SAN JOSE -- As they pulled up to the starting line of Sunday's eighth annual Rock 'n' Roll San Jose Half Marathon, James Vicary was counting on his own country music mix to get him through the 13.1-mile course.
Wheelchair racer Gustavo Marquez Jr. decided Andrea Bocelli and some Jay-Z would keep him going on the alternate "mini" 5-mile route.
And off to the sideline, Richard Chavira made his own sound, ringing a cowbell whenever one of his many friends passed by in their bright red "Red Power Divas/Divos" T-shirts.
But for most of the morning's record-breaking crowd of 16,000 runners, joggers and walkers, it was rock 'n' roll from 18 local bands and 16 high school cheer groups stationed along the way that helped distract runners from the grueling miles ahead.
And those were just the official groups that encouraged the participants, including the elite male and female runners who competed for cash prizes. (See sports section)
Homeowners along the route provided their own garage bands, or swing music, or recordings of the theme from the movie "Rocky" to keep up the beat during the route that began downtown at West Santa Clara Street and Almaden Boulevard. It wound its way past City Hall, through Japantown along The Alameda, into the Rose Garden and back downtown.
"It picks you up and keeps you going," said 57-year-old Jas Sumal, of Cupertino, who was recently injured and only walked the mini-course with her daughter Priya, 32. "People were sitting outside their homes and playing guitars and singing. It was fun."
For 44-year-old Julie Miller, of San Jose, who finished the race in 2½ hours, the music "helps you get a rhythm going and helps distract you from the challenge of the endurance,'' she said. "It just kind of moves you forward, and it's really appreciated."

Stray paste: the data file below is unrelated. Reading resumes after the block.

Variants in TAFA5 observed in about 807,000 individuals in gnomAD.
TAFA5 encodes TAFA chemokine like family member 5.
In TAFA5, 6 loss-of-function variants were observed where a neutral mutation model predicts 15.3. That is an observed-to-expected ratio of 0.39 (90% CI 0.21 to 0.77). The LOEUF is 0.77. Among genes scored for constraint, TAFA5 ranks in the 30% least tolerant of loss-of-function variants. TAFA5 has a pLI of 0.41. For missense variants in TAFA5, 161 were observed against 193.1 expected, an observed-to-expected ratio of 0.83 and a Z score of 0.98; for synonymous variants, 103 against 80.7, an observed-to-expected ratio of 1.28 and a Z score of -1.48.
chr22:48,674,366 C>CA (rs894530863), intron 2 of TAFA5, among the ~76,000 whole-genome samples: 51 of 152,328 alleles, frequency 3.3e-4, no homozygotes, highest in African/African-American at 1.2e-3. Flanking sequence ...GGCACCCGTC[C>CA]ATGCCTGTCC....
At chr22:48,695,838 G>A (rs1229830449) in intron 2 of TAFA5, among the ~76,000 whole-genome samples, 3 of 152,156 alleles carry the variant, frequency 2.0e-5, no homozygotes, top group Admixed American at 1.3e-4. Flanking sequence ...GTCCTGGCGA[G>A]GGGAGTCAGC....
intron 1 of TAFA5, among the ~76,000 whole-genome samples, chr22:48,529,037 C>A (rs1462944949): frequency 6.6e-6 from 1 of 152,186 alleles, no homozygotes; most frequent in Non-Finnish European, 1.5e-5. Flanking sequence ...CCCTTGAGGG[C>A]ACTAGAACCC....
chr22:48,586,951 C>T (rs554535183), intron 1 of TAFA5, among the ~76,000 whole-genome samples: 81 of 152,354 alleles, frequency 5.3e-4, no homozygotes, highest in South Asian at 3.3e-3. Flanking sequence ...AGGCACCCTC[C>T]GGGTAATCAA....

So was a heightened security presence.
Sunday's 8 a.m. race started a few minutes late after a bystander notified organizers about an unattended backpack that police later determined was filled with trash.
But Tracy Sundlun, senior vice president of Competitor Group, the San Diego company that owns the Rock 'n' Roll race series, said the Boston Marathon bombing in April has put a greater emphasis on security at races, including hiring more police and using bomb-sniffing dogs. "Many of the things we did before, which we attempted to keep from the public, we now do more openly and publicize," including pre-sweeps of the course and facilities linked to the race, he said.
"Before it was a source of concern," he said. "Now it's a source of comfort."
San Jose police could not confirm whether they had increased the number of officers at the event, or what security tactics were used. They could not confirm if any arrests or injuries had occurred.
Focused on running
People like 60-year-old Chavira, who has either run in or attended the race for the last four years, said he thought there were more police officers this year, especially around the starting gate.
"This year it was more noticeable, and I was happy to see them," said Chavira, who was there to watch his 8-year-old son race.
But the day unfolded peacefully, and by 11 a.m. thousands of racers, their families and friends were gathered downtown at the Plaza de Cesar Chavez to listen to music, refuel and quench their thirst.
Marquez, 32, who was injured in a car accident 10 years ago, came with a team of 20 friends and family who tried to keep up with him.
Like Vicary, he brought his own music -- some classical, some hip-hop, even a little jazz -- that he said keeps him focused.
"With me when I'm exercising, and I hear a song I like, I just push myself even harder," said Marquez, who was proud to post a personal record of 39 minutes and 40 seconds, much better than the 55 minutes it took him to complete the 5-mile course last year.
Vicary, 28, who ran the half-marathon in 1 hour and 26 minutes, beat his goal by 4 minutes, energized by the country songs of Miranda Lambert, Blake Shelton and Luke Bryan that thumped inside his headset.
"I was zoned out on my own music," said Vicary, "and just kept running. "
Contact Tracy Seipel at firstname.lastname@example.org or 408-275-0140.